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What Does Money Mean to You?

Sara Glaz

We all like to believe we make financial decisions rationally, but more often than not, it’s our emotions controlling our wallets, not our bank accounts. A look at common money scripts, how they are written, and what we can do to alter them.

Wednesday, January 01, 2014

Standing at the store checkout with your cart, the rack of sweets and knickknacks — impulse buys — catches your eye. Do you grab whatever little Srulie would like, without so much as a glance at the price? Or do you keep your focus straight ahead — if it’s not on your list, it stays out of the cart? Maybe you consider the chocolates and spend the next five minutes anxiously deliberating whether or not you should buy them?

When it comes to financial decisions, our fiscal knowledge often takes a backseat to the meanings we attach to money. These meanings, which can be either beneficial or detrimental, usually develop in childhood. According to father-and-son psychologists and financial behavior gurus Drs. Ted and Brad Klontz, the way we understand money is our “money script”: a set of beliefs that guide how we relate to money and think about it as adults. Let’s take a look at how these mindsets originate and affect us later in adulthood.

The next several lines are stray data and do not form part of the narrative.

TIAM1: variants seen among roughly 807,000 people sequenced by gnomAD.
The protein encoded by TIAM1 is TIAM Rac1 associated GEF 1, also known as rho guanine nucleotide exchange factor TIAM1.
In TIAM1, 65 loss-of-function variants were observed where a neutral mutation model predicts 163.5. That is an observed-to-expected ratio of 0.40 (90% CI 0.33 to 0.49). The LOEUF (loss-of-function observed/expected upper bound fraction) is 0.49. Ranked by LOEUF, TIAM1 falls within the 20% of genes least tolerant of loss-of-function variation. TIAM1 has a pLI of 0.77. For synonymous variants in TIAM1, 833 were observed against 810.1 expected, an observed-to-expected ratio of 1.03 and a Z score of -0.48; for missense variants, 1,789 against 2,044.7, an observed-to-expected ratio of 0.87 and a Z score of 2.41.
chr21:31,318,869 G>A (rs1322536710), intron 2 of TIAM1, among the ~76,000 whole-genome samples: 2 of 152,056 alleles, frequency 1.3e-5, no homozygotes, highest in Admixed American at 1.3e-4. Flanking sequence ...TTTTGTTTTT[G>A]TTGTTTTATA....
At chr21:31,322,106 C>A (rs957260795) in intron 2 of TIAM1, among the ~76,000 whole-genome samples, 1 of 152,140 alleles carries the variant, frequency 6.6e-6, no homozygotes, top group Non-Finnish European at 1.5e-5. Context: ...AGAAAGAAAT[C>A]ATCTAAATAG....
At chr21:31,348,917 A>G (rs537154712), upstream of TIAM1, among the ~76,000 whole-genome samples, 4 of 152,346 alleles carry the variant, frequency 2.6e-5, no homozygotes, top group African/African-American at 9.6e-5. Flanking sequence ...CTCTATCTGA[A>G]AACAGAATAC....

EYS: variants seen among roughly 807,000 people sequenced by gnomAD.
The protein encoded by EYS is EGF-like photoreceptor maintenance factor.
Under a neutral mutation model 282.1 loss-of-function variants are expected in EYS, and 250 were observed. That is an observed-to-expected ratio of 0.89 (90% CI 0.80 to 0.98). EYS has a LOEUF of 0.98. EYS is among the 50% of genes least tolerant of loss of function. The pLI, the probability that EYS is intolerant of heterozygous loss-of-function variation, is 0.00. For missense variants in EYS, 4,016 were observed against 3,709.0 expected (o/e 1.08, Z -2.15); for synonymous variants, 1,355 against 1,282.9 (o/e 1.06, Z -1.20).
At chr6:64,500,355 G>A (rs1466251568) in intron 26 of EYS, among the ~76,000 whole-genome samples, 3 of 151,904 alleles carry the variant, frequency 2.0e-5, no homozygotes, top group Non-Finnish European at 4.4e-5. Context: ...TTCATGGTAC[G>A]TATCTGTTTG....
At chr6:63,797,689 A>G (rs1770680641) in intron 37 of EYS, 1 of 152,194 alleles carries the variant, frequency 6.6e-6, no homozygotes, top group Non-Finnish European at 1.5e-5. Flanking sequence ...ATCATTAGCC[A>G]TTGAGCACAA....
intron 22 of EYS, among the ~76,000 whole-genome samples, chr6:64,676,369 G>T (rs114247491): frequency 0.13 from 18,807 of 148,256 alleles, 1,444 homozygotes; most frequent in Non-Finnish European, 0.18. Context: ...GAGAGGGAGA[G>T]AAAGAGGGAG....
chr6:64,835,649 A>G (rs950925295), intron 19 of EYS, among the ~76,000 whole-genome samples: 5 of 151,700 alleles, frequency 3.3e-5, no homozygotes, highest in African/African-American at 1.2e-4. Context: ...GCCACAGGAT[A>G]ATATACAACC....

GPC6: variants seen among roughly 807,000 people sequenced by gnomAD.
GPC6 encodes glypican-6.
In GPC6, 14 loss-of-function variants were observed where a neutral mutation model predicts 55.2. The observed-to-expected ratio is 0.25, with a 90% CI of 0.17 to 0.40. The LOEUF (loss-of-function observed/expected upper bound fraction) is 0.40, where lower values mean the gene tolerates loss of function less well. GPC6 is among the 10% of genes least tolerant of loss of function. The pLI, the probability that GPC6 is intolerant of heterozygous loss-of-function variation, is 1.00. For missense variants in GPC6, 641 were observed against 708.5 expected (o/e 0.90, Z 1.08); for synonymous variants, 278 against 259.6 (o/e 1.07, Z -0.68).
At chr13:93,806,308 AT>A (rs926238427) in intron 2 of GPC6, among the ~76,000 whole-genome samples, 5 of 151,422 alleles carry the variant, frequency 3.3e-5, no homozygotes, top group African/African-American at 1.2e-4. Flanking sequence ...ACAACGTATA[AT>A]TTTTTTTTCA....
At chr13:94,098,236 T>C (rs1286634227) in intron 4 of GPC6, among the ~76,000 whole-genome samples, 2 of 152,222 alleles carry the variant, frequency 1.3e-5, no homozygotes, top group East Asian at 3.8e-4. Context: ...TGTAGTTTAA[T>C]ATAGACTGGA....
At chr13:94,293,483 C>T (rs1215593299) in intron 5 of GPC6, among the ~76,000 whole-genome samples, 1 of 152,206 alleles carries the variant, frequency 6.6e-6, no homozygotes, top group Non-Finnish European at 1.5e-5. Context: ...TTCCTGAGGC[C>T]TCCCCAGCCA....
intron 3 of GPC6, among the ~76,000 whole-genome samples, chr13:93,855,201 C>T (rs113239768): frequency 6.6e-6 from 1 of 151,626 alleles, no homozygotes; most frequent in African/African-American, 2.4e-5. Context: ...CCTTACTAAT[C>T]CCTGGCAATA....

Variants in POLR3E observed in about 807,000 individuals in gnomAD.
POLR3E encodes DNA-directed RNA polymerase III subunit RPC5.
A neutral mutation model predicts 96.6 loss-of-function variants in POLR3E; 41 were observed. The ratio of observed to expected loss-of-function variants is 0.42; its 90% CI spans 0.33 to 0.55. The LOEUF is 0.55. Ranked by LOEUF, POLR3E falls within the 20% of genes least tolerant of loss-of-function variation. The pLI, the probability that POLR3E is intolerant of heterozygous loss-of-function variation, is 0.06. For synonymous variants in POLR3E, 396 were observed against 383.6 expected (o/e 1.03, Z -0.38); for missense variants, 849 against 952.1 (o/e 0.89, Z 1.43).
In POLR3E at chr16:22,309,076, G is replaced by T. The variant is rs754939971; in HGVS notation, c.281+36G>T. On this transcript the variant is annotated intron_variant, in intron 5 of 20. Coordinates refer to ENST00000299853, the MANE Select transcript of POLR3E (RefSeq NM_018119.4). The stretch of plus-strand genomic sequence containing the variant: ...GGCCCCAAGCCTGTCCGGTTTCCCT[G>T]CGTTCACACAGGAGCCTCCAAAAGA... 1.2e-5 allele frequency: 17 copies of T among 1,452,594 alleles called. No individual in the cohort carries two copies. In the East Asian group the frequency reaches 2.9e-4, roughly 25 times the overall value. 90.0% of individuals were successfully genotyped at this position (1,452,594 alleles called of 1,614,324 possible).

Money Avoidance: Just Don’t Think About It

Tzivia’s father Chaim worked on commission in real estate. Every few months, Chaim would receive a windfall paycheck from a sale. Both he and his wife Hadassah had trouble with self-control and would spend the money within a few weeks — on new suits, seforim, restaurants, all sorts of luxuries. Tzivia and her brothers appreciated the new things, but the money ran out all too quickly.

Chaim and Hadassah would then spend the next few weeks — sometimes months — panicking about the negative bank balances, impending tuition payments, and the growing debt. After the next paycheck arrived, they would resolve to take control, even meet with a financial counselor, but never end up going. The situation would repeat itself, over and over again. While Chaim and Hadassah were eventually able to marry off their children, Tzivia was left with an unwelcome present — financial denial.


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